- romanticism about the married state is rampant, exacerbated by not only the media but a theology that demands the man be the head of the household. Combine this patriarchal vestige with the financial instability, and it's a recipe for disaster: a crisis in masculinity and profound disappointment for women raised with this expectation. I think this is also connected with a higher frequency of family abuse, neglect, and alcoholism in this part of the country.

- Sexual orientation aside, sexuality itself is an issue; namely, that marriage is too often approached narrowly as a "license for sex." This is an emotional setup for couples who then can neglect the hard work of building healthy relationships outside of the bedroom, which -- given our hyper-sexualized media -- by itself can prove disappointing to unreasonable expectations. I'm probably not the first to suggest that the most important work in marriage often happens around the kitchen table, not in the bedroom!

- A culture of fear and judgment that so often pervades the conservative / evangelical sphere is clearly prone to give rise to judgments and fear in the marital relationship, which may be the most corrosive poison of all to the institution.

Finally, I see the repressed same-sex orientation factor as connected with a wider diabolical frame of repressed sexuality generally. The old "sex is dirty unless you're male or married" makes for a whole host of unresolved emotional and sexual problems that haunt too many marriages.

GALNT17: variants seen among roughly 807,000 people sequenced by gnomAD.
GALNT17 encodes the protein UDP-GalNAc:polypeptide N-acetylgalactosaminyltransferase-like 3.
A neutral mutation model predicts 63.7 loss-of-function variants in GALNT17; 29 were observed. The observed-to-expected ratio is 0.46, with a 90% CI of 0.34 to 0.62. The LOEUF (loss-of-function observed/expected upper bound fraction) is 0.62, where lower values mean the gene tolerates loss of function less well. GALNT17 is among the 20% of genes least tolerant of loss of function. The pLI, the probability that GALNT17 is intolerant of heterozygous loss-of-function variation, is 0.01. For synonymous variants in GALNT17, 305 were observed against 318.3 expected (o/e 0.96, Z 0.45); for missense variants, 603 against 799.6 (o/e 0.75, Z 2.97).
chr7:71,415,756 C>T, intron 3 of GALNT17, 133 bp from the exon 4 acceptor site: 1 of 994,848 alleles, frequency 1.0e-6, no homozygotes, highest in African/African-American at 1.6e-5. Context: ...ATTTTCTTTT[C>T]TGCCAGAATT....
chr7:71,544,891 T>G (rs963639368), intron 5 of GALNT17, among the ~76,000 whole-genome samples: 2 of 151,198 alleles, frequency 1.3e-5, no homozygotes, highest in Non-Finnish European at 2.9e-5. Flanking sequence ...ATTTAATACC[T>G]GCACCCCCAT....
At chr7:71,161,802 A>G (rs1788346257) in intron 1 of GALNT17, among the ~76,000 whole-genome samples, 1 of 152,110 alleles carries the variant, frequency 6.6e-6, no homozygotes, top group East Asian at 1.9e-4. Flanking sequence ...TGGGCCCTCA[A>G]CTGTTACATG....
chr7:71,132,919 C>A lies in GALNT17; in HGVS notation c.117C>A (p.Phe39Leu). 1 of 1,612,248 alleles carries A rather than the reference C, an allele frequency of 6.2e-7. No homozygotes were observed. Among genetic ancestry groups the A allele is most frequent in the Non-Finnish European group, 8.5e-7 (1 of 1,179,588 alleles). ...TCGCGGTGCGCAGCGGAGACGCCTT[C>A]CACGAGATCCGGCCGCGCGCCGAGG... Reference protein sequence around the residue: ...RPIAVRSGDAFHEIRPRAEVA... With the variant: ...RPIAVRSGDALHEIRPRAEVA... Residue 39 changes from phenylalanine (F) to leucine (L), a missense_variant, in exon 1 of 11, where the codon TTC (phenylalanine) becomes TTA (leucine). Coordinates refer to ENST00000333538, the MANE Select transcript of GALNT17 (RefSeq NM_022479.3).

Ending the scapegoating and marginalization of the LGBT community is an important part of healing this unhealthy dynamic for society. There is a way in the most conservative quarters that all of sexuality remains "in the closet."

Tobias Haller said...

Dr Helmer, I concur with your diagnosis. What about the prognosis? What will those suffering in this closed-off world of self-constructed misery be able to learn from the freedom to which Christ actually offers the Way? Perhaps once marriage equality is fully realized this can be its best "evangelistic" work -- to liberate from the false demands of a mistakenly constructed "biblical sexuality" into the real life abundant that is available through mutual love rather than domination.

The treatment will be long-range, however. No easy cure to this malady, I fear...

Richard Edward Helmer said...

Okay, I'll get off my "doctor" soapbox! ;-)

But I am hopeful: the treatment is already taking hold, with no small thanks to the willingness of gay and lesbian couples who have taken great risks in personally witnessing to friends and family. The rapid shift in public opinion in the country-as-a-whole is a testament here.

This forces a whole series of important, healing conversations to happen in families and (we hope) churches and communities: What is marriage really about? How do we talk about sexuality more honestly? How do we teach our children differently than we were taught?

Ironically, the retrenchment in some quarters I think is a sign that the closet is opening for society as a whole. Scurrying for dark corners may mean only that the light is shining in!

Franklin Ballard said...

Interesting post and responses. Carrying the 'doctor' theme perhaps a bit too far, I find myself coming back to the most recent set of videos of John Corvino as a 'tonic' when faced with a barrage of silly pseudo-science and pseudo-logic. Laughter can, indeed, be a fine medicine.